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It’s been a challenge for advisers

04 June 2021 Myra Knoesen

Life stages and life spans are changing, and the financial adviser has critical role to play.

FAnews spoke to Gareth Friedlander, Deputy Chief Executive Officer of Discovery Life and Michael Porter, Head of Business Development at RGA South Africa about the trends in the life insurance space and how the industry can demonstrate value in a post-pandemic economy, when financial pressures are at an all-time high.

The new trends

“The new trends include the fact that people are working and living longer; marriage and birth rates are declining; the gig economy is gaining traction and many younger individuals are more interested in experience and free time than having a job title and a big salary,” said Porter.

According to Friedlander, there are two key trends playing out. “Clients are living longer, and living for longer in retirement, so they need more income in retirement, and their insurance cover needs to be sustainable over a longer term. Secondly, clients are working for larger parts of their lives and disability and income protection policies are relevant for longer.”

“Because of longer life spans and working lives, managing clients’ health is even more important due to the compounding effect of managing their health over the long-term. It is important for clients to look after themselves whilst they are still working; and secondly, to remain active and healthy in retirement,” said Friedlander.

“From our claims data we’ve seen the effects of long-term healthy behaviour play out strongly for our clients. We’ve seen that even individuals with heightened risk factors such as older individuals and those with comorbidities have modulated their COVID-19 mortality risk, having adopted healthy behaviours and engaging with the Vitality programme over time. For example, on average, a 65-year old that is highly engaged in their health and wellness will experience a 22% lower COVID-19 mortality risk than an unengaged 45-year old with no additional risk factors,” he added.


“The data not only highlights the importance of health engagement to manage health risk, but emphasises the robustness of the associated status levels in measuring and materially shifting health outcomes,” continued Friedlander.

Will it ever be the same ?

“The pandemic has brought devastation and great tragedy to many people, and it has changed the way that people think about risk. It also spurred innovation as we were forced to rethink how we previously did things, and it accelerated the development of digital solutions for advisers,” said Porter.

“It’s been a challenge for advisers to meet with their clients, thus advisers have had to adapt the way they connect with new and current clients. Advisers who have adapted well to the changes have continued to do well in this time,” added Friedlander.

“We’ve kept over R70 billion in cover in force through our premium relief options, helping clients maintain their cover when they have needed it the most. To support remote advice, we have adapted our processes and implemented technology to enable advisers to continue writing new business.”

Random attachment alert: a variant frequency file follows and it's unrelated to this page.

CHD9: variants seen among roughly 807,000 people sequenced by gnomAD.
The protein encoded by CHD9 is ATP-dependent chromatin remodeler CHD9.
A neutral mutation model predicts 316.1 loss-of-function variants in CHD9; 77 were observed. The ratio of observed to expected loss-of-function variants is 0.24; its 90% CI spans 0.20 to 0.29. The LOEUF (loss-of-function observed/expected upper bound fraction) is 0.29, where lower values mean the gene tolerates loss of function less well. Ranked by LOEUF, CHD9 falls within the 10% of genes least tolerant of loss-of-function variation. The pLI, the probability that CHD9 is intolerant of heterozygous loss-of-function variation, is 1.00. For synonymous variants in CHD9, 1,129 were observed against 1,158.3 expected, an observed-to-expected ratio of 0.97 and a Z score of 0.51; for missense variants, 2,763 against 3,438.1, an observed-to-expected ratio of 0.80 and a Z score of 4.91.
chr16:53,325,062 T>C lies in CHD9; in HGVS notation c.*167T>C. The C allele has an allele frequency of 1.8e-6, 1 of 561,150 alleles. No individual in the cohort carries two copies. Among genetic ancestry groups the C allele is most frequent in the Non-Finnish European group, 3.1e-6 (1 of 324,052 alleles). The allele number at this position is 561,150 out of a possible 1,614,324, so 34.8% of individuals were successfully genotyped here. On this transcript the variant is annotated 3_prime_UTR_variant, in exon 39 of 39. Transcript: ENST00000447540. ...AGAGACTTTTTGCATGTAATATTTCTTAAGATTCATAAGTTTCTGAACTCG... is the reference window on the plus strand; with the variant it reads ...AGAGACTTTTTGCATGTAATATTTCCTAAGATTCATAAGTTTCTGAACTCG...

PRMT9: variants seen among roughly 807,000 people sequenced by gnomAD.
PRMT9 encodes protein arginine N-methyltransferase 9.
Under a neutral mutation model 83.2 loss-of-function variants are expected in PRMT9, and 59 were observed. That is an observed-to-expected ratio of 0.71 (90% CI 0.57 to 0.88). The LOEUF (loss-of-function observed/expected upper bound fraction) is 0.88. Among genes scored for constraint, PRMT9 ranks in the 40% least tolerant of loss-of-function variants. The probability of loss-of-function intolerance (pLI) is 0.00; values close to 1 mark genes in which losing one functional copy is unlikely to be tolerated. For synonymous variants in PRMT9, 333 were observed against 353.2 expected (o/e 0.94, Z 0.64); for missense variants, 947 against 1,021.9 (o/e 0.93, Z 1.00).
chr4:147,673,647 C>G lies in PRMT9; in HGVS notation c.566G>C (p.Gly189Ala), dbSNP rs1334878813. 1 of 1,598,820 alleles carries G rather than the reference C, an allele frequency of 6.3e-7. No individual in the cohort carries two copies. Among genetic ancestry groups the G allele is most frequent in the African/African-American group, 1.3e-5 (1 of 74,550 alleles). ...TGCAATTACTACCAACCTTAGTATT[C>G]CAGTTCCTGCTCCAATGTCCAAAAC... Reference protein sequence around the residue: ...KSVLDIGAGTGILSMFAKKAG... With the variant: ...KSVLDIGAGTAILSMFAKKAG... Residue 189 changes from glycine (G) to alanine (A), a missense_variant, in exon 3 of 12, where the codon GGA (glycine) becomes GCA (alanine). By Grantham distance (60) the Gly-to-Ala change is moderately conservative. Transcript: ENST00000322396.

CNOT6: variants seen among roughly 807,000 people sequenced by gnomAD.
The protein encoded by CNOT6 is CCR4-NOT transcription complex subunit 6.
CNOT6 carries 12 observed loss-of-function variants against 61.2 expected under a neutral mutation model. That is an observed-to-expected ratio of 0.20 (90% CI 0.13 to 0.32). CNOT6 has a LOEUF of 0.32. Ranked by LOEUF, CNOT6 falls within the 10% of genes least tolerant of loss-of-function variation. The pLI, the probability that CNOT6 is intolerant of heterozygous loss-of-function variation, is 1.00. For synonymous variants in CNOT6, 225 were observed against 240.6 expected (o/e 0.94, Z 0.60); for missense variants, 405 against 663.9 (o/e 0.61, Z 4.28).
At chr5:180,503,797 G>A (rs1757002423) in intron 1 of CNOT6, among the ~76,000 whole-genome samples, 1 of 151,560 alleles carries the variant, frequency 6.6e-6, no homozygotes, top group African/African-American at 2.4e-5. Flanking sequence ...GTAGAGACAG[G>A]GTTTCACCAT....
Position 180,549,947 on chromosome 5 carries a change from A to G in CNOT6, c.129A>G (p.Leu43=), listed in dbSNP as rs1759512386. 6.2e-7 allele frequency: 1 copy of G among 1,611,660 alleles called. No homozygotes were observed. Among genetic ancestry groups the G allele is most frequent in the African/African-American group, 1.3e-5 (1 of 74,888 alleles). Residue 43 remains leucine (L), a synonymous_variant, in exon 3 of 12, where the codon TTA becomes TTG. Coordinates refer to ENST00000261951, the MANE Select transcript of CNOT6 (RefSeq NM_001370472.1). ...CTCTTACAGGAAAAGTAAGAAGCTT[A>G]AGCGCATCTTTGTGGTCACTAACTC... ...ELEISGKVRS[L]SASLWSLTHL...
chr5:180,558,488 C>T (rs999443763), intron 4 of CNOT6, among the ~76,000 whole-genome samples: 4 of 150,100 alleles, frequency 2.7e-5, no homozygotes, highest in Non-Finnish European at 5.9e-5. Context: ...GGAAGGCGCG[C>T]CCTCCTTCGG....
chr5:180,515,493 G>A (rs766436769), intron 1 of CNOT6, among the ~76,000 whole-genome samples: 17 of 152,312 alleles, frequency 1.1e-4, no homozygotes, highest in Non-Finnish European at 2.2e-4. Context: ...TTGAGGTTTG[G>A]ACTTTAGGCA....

What worked yesterday, will not work today

“There haven’t been drastic changes to consumer demand in terms of the type of cover needed from life insurance products – what has perhaps changed is how and where consumers would like to purchase and engage with such financial services, including engaging with rewards,” said Friedlander.

Porter emphasised that, “Companies like Apple, Amazon, and Netflix have radically shifted buying expectations of consumers. They sell exciting products in a personalised way that results in instant gratification. There is a lot we can learn from them, but we need to acknowledge that we are selling insurance and not entertainment. Selling a promise that may only materialise many years in the future requires a large amount of trust and a deep understanding of client circumstances and needs, which are often complex.”

“Consumer buying preferences are BREAK different for everyone and they change quickly, which makes flexibility so important. Data has a big role to play in understanding needs and preferences. Companies like Asset-Map, based in the US and now in South Africa, provide flexible, data-driven solutions to help advisers and their clients make better financial decisions,” added Porter.

Value in a post-pandemic economy 

“Embrace a future that is filled with new tech, artificial intelligence, and robots – make them work for you. Remember, however, that these things will never replace the human connection that only you can bring,” said Porter.

“Value for money has become more essential for clients than ever before, and the value of financial advice has never been more evident than now,” concluded Friedlander. 

Writer’s thoughts:
Porter mentioned that, “It’s been a privilege to be part of an industry that has added so much value to people’s lives in the last year, and we will continue to do so. For advisers, the opportunity to demonstrate value lies in showing empathy and coming alongside clients to help them determine their financial future in a world full of uncertainty…” My sentiments exactly! The industry has been there for people, in their time of need, and advisers have adapted well to the changes. Do you agree? Please comment below, interact with us on Twitter at @fanews_online or email me your thoughts [email protected].

Comments

Added by P Munisamy, 04 Jun 2021
What seems to be a common issues with product providers and their support staff is:
1) They dont value their jobs as being a salary paid by the premium payer the customer and that they need to use TCF legislation.
2)Instead their poor attending of claims which is the determining factor for clients confidence that he is in the right hands to future business undertakings.
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